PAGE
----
“The thing that has been the biggest change for me is that I have always been in control of certain components of the process. In the last 6 months, I’ve had to explain it to three different communities that are fundamentally different from each other, and so I’ve learned a lot about where I have to explain things and where I don’t. Your team probably felt like you were drinking from a fire hose with this process, but so was I! I was constantly trying to understand what are the components that are necessary for this to move forward.”
What is the best advice you’ve ever received?
“The one piece of advice that I am constantly going back to is something I first heard while doing Kung Fu in College and that advice was ‘slow down, go back to basics, make sure you have the foundation’. So whenever I have been overly excited – which I tend to do a lot – I have to remind myself that slowing down and staying attentive makes all the difference.”
What is the biggest mistake you see entrepreneurs make?
“Customer development is fundamental. What I have learned is that some entrepreneurs don’t want to be wrong. They don’t want evidence that proves that they aren’t right, and so they don’t test things because they think that it is a waste of their time. They believe that if they just muscle their way through they’ll get what they want. But that’s not the reality. The world is going to do what the world is going to do and if you don’t want to adapt it is going to be a much harder lift.”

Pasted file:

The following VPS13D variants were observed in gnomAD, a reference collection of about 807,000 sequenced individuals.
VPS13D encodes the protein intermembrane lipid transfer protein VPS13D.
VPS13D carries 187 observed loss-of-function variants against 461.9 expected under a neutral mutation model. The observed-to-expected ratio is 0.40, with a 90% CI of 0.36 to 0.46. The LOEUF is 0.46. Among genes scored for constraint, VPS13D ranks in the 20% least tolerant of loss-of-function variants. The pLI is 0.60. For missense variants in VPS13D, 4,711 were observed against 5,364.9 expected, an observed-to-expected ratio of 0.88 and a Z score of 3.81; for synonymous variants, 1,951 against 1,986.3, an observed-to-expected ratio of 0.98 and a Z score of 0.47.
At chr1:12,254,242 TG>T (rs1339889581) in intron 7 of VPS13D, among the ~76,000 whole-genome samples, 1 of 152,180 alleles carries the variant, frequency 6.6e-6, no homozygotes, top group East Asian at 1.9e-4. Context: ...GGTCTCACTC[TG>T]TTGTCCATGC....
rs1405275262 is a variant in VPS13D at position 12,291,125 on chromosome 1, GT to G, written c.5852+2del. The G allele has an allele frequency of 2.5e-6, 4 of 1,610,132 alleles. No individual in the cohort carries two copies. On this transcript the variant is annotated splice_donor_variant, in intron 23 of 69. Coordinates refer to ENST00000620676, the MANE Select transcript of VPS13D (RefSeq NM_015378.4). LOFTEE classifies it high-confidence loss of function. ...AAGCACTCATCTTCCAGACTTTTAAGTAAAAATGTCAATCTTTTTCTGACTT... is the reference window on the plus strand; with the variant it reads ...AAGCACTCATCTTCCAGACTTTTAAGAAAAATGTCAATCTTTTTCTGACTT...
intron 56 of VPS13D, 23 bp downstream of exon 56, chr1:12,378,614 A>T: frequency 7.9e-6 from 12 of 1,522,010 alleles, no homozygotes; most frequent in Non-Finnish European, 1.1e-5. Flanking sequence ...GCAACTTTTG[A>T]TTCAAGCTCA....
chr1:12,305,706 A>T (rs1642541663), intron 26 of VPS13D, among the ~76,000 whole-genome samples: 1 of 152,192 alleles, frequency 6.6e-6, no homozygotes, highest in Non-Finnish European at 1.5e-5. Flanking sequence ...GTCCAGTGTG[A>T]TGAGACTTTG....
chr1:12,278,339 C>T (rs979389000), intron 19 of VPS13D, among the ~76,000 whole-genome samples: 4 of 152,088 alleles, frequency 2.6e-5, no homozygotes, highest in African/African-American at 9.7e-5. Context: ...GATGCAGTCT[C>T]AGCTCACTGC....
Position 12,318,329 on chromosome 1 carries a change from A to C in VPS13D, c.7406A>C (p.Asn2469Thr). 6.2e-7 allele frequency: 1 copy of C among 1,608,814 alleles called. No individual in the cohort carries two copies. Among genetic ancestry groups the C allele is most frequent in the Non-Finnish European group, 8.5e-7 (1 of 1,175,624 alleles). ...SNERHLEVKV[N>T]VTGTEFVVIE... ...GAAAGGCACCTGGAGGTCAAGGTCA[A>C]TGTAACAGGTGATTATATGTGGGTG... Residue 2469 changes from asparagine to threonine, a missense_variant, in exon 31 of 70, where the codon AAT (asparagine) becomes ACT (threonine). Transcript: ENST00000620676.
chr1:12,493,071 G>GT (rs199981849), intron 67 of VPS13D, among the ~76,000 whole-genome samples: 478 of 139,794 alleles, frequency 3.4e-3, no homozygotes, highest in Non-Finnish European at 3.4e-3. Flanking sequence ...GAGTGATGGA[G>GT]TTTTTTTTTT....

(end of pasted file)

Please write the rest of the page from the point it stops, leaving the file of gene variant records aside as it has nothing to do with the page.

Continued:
Can you speak to the value of mentorship?
“To be an entrepreneur and to create a startup is to be crazy. You have to be motivated to do something abnormal, which usually means that you don’t know what it is that you’re about to get into. However, there have been other people that have ran down that road with the same set of crazy and they’ve bumped their heads against things and can at least tell you about those bumps.
So the real value to mentorship is perspective. Perspective from the people that have done whatever crazy thing it is before you. Doing good customer development can cut your risk in half and having a mentor can cut it in half again. Their experience and point of view is hard to get any other way, and it’s so important, otherwise, you’re running really fast forward blindfold on.”